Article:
When President Obama meets this week with his Mexican and Canadian counterparts—President Enrique Peña Nieto and Prime Minister Stephen Harper—he will have, according to news reports, four agenda items: trade, education, border security and stopping drug trafficking. Here is some of what Brookings experts have said and are saying about the issues at this leaders summit.
Diana Villiers Negroponte writes that “It is time for the private sector and civil society to educate and persuade political leaders on the need for broader integration in trade, investment and energy within a North American production platform.”
Four Brookings experts recently conducted a conversation on the summit:
- Arturo Sarukhan notes the 20th anniversary of NAFTA, stating that “it’s a good time to take stock of how NAFTA has and has not worked and sort of what are the opportunities and challenges ahead of us.”
- Alan Berube noted how much of what the three countries trade ends up in a metropolitan area, so “for the three leaders a question is how to strengthen the position of cities and regions in trade in order to boost the competitiveness of North America in the global economy.”
- Joshua Meltzer also emphasized the centrality of NAFTA, but also pointed to infrastructure and immigration as important issues.
- Finally, Vanda Felbab-Brown discussed U.S.-Mexico cooperation on security issues, which she says “continues to be unresolved.”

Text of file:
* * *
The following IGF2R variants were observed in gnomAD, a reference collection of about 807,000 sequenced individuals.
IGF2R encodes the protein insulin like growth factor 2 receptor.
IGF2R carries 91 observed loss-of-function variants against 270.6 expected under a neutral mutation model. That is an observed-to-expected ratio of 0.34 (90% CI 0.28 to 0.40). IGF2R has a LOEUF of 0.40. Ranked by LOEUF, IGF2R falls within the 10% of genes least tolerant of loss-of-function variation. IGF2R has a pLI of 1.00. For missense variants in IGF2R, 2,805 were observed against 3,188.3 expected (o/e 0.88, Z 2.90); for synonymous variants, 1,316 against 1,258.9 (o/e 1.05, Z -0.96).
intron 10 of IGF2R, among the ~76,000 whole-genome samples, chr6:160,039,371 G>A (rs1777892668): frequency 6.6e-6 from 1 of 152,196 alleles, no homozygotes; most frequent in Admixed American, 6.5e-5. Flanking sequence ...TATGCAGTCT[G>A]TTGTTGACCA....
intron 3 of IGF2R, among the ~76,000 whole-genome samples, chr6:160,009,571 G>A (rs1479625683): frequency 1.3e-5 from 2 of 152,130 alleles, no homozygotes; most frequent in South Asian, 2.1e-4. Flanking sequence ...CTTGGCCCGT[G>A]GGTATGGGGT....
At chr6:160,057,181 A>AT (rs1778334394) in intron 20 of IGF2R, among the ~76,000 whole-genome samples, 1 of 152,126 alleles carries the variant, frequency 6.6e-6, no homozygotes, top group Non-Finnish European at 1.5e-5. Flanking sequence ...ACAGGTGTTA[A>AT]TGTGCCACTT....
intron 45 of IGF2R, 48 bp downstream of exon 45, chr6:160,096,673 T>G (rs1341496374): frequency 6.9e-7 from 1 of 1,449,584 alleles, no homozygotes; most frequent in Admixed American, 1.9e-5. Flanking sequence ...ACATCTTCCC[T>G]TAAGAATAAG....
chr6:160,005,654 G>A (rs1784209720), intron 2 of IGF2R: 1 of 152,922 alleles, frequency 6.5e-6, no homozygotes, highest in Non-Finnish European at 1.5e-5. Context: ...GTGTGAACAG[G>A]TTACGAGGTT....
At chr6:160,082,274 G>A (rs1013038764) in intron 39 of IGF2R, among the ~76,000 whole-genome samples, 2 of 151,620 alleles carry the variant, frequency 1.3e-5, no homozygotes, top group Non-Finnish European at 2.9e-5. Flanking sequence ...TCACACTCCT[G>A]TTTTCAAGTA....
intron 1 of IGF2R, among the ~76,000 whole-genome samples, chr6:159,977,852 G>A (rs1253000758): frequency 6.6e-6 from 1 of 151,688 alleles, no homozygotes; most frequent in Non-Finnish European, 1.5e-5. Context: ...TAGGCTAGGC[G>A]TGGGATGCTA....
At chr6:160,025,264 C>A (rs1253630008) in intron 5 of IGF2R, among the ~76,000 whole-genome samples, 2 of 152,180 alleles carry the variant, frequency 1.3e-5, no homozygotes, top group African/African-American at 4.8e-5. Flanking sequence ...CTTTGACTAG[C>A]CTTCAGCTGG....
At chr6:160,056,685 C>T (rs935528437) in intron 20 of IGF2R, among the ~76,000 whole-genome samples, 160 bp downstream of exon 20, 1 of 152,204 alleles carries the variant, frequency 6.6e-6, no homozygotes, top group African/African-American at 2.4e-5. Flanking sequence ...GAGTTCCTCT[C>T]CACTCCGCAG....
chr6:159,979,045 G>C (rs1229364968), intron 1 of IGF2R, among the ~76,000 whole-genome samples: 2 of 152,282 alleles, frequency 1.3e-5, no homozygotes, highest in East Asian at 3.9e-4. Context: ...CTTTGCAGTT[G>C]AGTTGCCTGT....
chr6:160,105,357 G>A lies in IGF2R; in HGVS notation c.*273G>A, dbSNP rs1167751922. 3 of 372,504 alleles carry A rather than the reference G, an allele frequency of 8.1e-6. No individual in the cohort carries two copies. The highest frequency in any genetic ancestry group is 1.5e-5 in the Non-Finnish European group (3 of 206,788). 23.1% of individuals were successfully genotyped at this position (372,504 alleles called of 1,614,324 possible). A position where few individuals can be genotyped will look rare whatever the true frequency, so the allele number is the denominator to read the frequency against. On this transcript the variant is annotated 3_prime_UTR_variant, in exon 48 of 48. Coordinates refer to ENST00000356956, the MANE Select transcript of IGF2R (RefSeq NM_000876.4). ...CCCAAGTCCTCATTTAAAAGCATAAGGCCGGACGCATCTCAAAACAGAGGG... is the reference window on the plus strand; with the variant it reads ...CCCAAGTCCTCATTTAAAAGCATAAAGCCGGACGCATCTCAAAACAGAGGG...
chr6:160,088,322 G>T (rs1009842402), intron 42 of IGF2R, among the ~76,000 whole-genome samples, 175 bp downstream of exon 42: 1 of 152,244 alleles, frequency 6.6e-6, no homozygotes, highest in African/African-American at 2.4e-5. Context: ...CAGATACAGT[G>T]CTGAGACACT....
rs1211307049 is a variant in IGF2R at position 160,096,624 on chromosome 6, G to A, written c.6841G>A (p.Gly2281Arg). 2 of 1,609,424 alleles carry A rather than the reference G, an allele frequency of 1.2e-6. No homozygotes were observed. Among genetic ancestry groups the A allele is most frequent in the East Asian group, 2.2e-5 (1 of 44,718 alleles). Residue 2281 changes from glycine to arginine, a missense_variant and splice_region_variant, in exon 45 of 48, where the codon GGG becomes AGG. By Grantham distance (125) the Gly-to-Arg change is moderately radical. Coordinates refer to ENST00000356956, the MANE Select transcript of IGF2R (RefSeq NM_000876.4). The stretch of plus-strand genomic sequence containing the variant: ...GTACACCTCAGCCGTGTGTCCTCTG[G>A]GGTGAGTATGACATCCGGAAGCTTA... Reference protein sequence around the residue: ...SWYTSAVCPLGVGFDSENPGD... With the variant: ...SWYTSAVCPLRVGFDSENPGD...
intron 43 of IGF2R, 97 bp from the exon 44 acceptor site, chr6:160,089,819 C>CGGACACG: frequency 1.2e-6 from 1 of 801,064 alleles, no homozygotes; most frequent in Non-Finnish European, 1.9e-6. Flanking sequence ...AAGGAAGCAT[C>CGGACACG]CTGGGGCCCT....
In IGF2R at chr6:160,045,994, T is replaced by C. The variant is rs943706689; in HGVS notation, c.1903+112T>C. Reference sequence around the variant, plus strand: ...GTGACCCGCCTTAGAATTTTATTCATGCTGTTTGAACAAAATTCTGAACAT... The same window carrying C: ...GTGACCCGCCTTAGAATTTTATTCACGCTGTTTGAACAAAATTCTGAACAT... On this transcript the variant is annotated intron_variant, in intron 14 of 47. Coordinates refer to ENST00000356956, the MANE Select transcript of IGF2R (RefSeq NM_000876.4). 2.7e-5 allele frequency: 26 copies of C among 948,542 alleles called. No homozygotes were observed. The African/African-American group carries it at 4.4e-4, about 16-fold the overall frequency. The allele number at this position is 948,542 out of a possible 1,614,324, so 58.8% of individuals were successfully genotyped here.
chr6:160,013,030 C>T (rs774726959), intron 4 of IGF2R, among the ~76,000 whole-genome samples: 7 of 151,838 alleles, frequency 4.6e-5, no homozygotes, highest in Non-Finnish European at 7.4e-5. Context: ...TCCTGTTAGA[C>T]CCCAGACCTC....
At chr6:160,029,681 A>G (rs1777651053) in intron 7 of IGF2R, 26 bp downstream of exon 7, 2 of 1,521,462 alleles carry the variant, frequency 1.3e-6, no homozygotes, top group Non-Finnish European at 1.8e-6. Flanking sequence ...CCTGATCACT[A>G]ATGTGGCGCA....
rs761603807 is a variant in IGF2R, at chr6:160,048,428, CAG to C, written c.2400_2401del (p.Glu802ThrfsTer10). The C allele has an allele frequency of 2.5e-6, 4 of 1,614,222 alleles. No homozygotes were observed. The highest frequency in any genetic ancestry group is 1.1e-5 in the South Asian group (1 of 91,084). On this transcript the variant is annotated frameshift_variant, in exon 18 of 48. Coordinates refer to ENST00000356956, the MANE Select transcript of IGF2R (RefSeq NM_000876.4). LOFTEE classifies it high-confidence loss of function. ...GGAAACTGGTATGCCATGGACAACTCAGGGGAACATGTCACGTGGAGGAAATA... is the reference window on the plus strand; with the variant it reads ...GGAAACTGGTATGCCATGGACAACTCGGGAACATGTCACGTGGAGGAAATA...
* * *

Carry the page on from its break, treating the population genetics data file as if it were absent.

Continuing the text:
In a November report, Berube and Joseph Parilla described production and trade among North America’s cities and metro areas, showing linkages between and among metro areas across the United States, Mexico and Canada. The chart below demonstrates the 2011 trade of the United States with its two North American neighbors.
The Latin America Initiative and the Energy Security Initiative recently co-hosted an event on the future of energy reform in Mexico. Negroponte called the slate of reforms in Mexico’s energy sector “a paradigm shift for Mexico.”
Also see what Berube and Parilla wrote about strengthening NAFTA’s next 20 years.
Get all Brookings research and commentary on
"What I suspect matters most for firms considering investing in Mexico is stable, predictable, comprehensive access to the North American market, more so than the right to bring [investor-state dispute settlement] cases."